More recently with the pandemic, there’s been much more virtual connections to help connect residents with their families and the outside world. “As external entertainers are not yet able to return to the facility, we’re using other methods to bring the entertainment in right here at home,” says Rhonda.
Some favourite activities include listening to Glen Miller and Judy Garland, playing virtual bingo, and watching sports. During Easter week, the unit participated in its first virtual mass over Zoom direct from the Sunnybrook chapel.
“The DMH is a safe and supportive home where the entire team is dedicated to assisting the residents live their optimal life.”
– Rhonda Latchford, recreation therapist
There are of course the challenges to their efforts. “Long-term care residents with dementia commonly exhibit behaviours that disrupt the lives of other residents and increase the complexity of their care,” says Evelyn Babcock, patient care manager of the home.
“Rhonda may want to do something with a small group, but individual residents can sometimes get jealous, as they love the RT but they don’t always get along with each other. They don’t always remember what, but they remember there was something about the other person that bothered them.”
A common example is when a resident, in their confusion, may try to get into another resident’s bed, starting an argument and often leaving everyone upset. “They can hang on to it and don’t trust the other resident,” says Rhonda, “so we need to navigate these things, such as where you place people, for example, is important.”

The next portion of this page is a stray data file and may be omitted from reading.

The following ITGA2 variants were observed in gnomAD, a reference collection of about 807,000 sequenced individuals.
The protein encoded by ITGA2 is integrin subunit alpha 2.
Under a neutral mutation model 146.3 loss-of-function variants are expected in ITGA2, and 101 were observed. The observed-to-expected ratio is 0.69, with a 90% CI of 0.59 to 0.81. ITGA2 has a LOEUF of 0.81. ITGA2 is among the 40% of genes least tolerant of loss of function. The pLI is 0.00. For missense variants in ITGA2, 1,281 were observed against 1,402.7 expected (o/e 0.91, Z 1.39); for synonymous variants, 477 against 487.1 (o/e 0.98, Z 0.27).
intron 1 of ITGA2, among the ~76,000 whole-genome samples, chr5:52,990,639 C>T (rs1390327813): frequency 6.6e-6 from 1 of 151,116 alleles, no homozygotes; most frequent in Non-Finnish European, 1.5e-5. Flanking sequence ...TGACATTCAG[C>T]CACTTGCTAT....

Rhona recalls how in the earlier days, the Veteran residents were a younger population and therefore generally more ambulatory, walking around all over and into each other’s rooms.
“You would try to convince them but it didn’t make any sense to them, so there were a lot more altercations,” she explains. “There’s always been a recognition on our team that it’s not the resident’s fault they have this disease and need care, and you must go with that, even when a resident becomes verbally or physically abusive with their nurse, which occurs frequently. One sometimes needs to walk away (from the immediate situation) when things get overwhelming and get support from colleagues.” In some cases, the use of medication is required in consultation with the team’s physician, geriatric psychiatrist and pharmacist. “We work together as a team, and with the family.”
Language or cultural barriers can contribute to the challenges. “You have to take time for that relationship to build,” says Rhona. “We rely on each other a lot; there are staff who can speak Russian, Italian, Korean, Chinese. There’s a nice feeling of community and helping each other out here; anyone or anything that needs help, we’re fortunate everyone comes together.”
The resident is always at the forefront, she explains: “I try to ask myself ‘How would I feel?’ and try to treat them the same way. It’s how I was brought up in my earlier years in Jamaica, it was ingrained in me to always give lots of respect to our elders, this is their home.”
She provides the example of paying attention to simple details like mouth care and shaving. “They also need to look good to feel good. We don’t know how they were living in their past life. You have to take pride in what you do and give them the best care, so when you finish, you know you did the best you could for these patients. They’re like family. This is a journey in life, a pathway for them and you give your best to it.”